Wednesday, April 13, 2011

The Good, the Bad, and the Ugly

The Good: 

My friend Donna got a good report on her PET scan. Way to go!!  Thank you, dear God for listening to our prayers, for guiding the hands and minds of her doctors, and for keeping her safe.

I booked our cruise for next month, and our hotel for Savannah, and also started working on the itinerary for our summer sojourn to Arkansas.

I still can't believe it, but our office is going to be moving to this building.  The building is new, the location is killer ... not killer like my first DCF office in Osceola County, where my windows got shot out twice, but killer overlooking Lake Toho, killer right in the center of downtown with all the new restaurants, killer with adequate parking under cover ... pinch me, it's all a Bobby Ewing dream ...

The Bad:

Is there some reason that our government has turned a blind eye to this price-gouging?  The gas that is being sold at these inflated prices was bought pre-latest Middle East crisis.  Jacking up the prices under the circumstances is outrageous.  It's got to be illegal.  Why is no one in high office taking a stand, demanding that rates be cut, frozen, and otherwise regulated? 

Also bad, very bad:  this past week I became aware that someone has stolen my identity and is using it to purchase various big ticket items.  I have already heard from three different stores regarding credit cards taken in my name, a checking account opened in my name, and other blatant instances of fraud.  I am in the process of filing a police report, contacting the credit companies, and all that jazz, but I can tell you, this is one serious mess.  (There was a little bit of good here, though.  The very helpful officer at KPD checked her computer and told me, "well, your driver's license is still valid and there are no warrants out for your arrest."  Any day I can receive that kind of reassurance from a police officer is a good day indeed.)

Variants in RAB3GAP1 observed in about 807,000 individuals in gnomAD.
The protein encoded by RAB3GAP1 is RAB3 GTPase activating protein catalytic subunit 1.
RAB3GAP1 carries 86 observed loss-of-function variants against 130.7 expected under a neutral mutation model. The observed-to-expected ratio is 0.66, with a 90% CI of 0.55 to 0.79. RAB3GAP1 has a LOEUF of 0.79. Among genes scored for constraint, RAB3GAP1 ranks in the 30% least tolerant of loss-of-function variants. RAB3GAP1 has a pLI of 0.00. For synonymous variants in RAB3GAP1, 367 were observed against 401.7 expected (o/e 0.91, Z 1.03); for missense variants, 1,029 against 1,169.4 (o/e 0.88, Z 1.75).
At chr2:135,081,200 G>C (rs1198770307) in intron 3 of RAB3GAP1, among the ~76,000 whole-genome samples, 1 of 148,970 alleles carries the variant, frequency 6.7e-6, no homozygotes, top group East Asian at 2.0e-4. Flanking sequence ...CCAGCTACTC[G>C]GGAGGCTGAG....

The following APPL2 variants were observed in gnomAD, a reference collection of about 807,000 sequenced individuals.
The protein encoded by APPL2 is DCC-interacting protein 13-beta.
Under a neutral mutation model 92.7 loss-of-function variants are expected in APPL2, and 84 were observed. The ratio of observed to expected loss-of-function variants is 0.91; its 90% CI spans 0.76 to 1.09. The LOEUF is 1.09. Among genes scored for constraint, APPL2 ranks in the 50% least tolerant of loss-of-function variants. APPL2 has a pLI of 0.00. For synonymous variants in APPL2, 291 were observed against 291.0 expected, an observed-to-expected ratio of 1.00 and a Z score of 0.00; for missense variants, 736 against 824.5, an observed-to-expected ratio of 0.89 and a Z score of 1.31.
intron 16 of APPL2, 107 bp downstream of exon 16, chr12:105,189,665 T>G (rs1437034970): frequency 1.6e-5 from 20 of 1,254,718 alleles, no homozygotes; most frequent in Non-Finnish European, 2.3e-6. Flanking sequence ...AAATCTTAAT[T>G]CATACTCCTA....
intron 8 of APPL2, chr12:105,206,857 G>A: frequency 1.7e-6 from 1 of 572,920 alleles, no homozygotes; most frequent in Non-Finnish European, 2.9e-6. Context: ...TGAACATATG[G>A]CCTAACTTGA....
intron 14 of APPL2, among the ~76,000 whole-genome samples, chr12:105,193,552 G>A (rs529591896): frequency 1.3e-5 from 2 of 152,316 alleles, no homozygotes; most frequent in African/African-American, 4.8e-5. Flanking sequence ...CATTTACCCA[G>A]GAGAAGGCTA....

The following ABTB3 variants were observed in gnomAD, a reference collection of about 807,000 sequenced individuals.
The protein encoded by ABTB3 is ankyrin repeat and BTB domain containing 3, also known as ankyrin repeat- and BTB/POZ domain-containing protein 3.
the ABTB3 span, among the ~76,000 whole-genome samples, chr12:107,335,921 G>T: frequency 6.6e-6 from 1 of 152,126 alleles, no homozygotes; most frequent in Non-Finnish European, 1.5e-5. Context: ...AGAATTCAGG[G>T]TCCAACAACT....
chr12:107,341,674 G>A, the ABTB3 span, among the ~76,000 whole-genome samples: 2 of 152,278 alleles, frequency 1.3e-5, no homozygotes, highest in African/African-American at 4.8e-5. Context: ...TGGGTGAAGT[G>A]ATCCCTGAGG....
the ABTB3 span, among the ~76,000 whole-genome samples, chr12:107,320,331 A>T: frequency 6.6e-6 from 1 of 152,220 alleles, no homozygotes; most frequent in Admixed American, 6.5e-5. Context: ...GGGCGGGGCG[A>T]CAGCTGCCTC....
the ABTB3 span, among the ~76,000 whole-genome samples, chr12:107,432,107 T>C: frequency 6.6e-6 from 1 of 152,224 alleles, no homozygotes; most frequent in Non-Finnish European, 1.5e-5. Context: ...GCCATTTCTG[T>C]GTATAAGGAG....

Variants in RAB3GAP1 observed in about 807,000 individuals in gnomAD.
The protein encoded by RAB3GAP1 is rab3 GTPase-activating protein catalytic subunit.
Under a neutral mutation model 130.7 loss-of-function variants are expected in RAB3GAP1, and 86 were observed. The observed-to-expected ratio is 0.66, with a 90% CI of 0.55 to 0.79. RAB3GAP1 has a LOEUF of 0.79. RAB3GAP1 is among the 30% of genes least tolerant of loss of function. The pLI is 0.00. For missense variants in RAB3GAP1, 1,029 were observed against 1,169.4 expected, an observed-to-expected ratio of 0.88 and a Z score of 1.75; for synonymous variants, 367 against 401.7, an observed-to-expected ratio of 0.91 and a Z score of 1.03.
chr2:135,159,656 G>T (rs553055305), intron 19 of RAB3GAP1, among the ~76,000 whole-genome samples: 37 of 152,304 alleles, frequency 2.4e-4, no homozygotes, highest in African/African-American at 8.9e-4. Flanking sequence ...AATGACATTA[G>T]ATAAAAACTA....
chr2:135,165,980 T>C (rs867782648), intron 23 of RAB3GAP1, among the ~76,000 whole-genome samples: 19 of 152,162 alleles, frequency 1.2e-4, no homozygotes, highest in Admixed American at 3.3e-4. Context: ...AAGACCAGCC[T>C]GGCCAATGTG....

... and the ugly:

TALLAHASSEE — "A Clearwater activist has filed an ethics complaint accusing Gov. Rick Scott of using his office to benefit the chain of walk-in clinics he founded.

David Plyer, 64, based his complaint on a St. Petersburg Times report that Scott's health care policies — drug-testing state workers, switching Medicaid patients to private HMOs and shrinking public health clinics — could benefit Solantic Corp., a chain of 32 urgent-care centers in Florida.

The state Commission on Ethics will review the complaint for legal merit before deciding on action. Scott moved his $62 million investment in Solantic into a trust held by his wife, Ann, before taking office.

After the Times story, Scott said the state will not contract with the company while he is governor. "I've been transparent," Scott said Monday."

I am an employee of the state who is required to make certain financial disclosures, and also to take annual ethics training, which I just happened to do yesterday (the deadline is April 15).  As I went through it, I could not help but think, "wow, does the governor know about this?"

Apparently not.  Let us hope the ethics committee has the stones to do the right thing.

No cooking to report, unless you include reheating last week's lunch in the microwave.  Didn't think so.

No comments:

Post a Comment